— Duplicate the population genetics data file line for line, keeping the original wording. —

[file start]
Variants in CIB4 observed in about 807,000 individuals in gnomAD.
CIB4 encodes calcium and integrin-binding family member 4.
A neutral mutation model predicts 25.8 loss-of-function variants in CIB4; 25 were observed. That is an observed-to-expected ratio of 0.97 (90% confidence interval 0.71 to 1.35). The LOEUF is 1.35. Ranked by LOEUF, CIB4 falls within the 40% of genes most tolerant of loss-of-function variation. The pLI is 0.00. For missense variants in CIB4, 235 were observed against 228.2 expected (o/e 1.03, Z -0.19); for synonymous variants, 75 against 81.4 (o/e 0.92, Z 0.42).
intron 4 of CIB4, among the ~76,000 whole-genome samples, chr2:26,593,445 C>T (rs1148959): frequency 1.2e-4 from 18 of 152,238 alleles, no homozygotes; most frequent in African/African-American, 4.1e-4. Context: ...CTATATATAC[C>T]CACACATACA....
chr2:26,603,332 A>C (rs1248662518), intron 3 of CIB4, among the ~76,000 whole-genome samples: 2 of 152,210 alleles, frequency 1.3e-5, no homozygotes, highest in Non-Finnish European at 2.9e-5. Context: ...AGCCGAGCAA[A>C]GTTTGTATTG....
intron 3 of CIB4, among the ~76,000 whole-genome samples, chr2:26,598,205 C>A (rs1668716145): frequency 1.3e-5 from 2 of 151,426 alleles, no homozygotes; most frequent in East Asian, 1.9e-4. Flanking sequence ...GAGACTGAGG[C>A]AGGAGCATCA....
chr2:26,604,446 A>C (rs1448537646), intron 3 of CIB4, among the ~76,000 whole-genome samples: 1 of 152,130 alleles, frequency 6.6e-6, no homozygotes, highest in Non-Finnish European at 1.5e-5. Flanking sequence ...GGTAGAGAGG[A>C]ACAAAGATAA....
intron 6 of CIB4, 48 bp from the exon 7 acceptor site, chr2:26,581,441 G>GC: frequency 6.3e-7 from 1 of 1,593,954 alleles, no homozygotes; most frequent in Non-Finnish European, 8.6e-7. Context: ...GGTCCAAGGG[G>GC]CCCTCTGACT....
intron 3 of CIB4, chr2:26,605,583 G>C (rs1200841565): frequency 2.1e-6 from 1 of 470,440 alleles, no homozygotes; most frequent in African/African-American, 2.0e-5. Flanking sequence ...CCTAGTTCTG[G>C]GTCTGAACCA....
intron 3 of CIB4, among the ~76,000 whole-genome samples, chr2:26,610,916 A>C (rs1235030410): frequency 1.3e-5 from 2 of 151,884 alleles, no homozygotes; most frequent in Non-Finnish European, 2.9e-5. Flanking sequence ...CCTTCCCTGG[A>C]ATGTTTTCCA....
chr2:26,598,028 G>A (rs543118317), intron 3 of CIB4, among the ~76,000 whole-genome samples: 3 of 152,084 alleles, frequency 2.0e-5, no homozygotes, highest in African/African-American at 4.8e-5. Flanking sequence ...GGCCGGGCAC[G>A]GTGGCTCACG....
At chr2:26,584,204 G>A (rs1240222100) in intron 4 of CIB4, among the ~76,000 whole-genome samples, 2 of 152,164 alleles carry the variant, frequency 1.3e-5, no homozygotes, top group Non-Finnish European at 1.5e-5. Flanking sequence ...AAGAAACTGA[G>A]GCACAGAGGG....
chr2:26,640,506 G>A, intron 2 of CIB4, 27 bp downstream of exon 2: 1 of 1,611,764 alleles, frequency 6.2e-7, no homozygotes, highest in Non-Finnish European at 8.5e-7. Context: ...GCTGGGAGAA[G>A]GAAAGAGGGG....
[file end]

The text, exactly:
Variants in CIB4 observed in about 807,000 individuals in gnomAD.
CIB4 encodes calcium and integrin-binding family member 4.
A neutral mutation model predicts 25.8 loss-of-function variants in CIB4; 25 were observed. That is an observed-to-expected ratio of 0.97 (90% confidence interval 0.71 to 1.35). The LOEUF is 1.35. Ranked by LOEUF, CIB4 falls within the 40% of genes most tolerant of loss-of-function variation. The pLI is 0.00. For missense variants in CIB4, 235 were observed against 228.2 expected (o/e 1.03, Z -0.19); for synonymous variants, 75 against 81.4 (o/e 0.92, Z 0.42).
intron 4 of CIB4, among the ~76,000 whole-genome samples, chr2:26,593,445 C>T (rs1148959): frequency 1.2e-4 from 18 of 152,238 alleles, no homozygotes; most frequent in African/African-American, 4.1e-4. Context: ...CTATATATAC[C>T]CACACATACA....
chr2:26,603,332 A>C (rs1248662518), intron 3 of CIB4, among the ~76,000 whole-genome samples: 2 of 152,210 alleles, frequency 1.3e-5, no homozygotes, highest in Non-Finnish European at 2.9e-5. Context: ...AGCCGAGCAA[A>C]GTTTGTATTG....
intron 3 of CIB4, among the ~76,000 whole-genome samples, chr2:26,598,205 C>A (rs1668716145): frequency 1.3e-5 from 2 of 151,426 alleles, no homozygotes; most frequent in East Asian, 1.9e-4. Flanking sequence ...GAGACTGAGG[C>A]AGGAGCATCA....
chr2:26,604,446 A>C (rs1448537646), intron 3 of CIB4, among the ~76,000 whole-genome samples: 1 of 152,130 alleles, frequency 6.6e-6, no homozygotes, highest in Non-Finnish European at 1.5e-5. Flanking sequence ...GGTAGAGAGG[A>C]ACAAAGATAA....
intron 6 of CIB4, 48 bp from the exon 7 acceptor site, chr2:26,581,441 G>GC: frequency 6.3e-7 from 1 of 1,593,954 alleles, no homozygotes; most frequent in Non-Finnish European, 8.6e-7. Context: ...GGTCCAAGGG[G>GC]CCCTCTGACT....
intron 3 of CIB4, chr2:26,605,583 G>C (rs1200841565): frequency 2.1e-6 from 1 of 470,440 alleles, no homozygotes; most frequent in African/African-American, 2.0e-5. Flanking sequence ...CCTAGTTCTG[G>C]GTCTGAACCA....
intron 3 of CIB4, among the ~76,000 whole-genome samples, chr2:26,610,916 A>C (rs1235030410): frequency 1.3e-5 from 2 of 151,884 alleles, no homozygotes; most frequent in Non-Finnish European, 2.9e-5. Flanking sequence ...CCTTCCCTGG[A>C]ATGTTTTCCA....
chr2:26,598,028 G>A (rs543118317), intron 3 of CIB4, among the ~76,000 whole-genome samples: 3 of 152,084 alleles, frequency 2.0e-5, no homozygotes, highest in African/African-American at 4.8e-5. Flanking sequence ...GGCCGGGCAC[G>A]GTGGCTCACG....
At chr2:26,584,204 G>A (rs1240222100) in intron 4 of CIB4, among the ~76,000 whole-genome samples, 2 of 152,164 alleles carry the variant, frequency 1.3e-5, no homozygotes, top group Non-Finnish European at 1.5e-5. Flanking sequence ...AAGAAACTGA[G>A]GCACAGAGGG....
chr2:26,640,506 G>A, intron 2 of CIB4, 27 bp downstream of exon 2: 1 of 1,611,764 alleles, frequency 6.2e-7, no homozygotes, highest in Non-Finnish European at 8.5e-7. Context: ...GCTGGGAGAA[G>A]GAAAGAGGGG....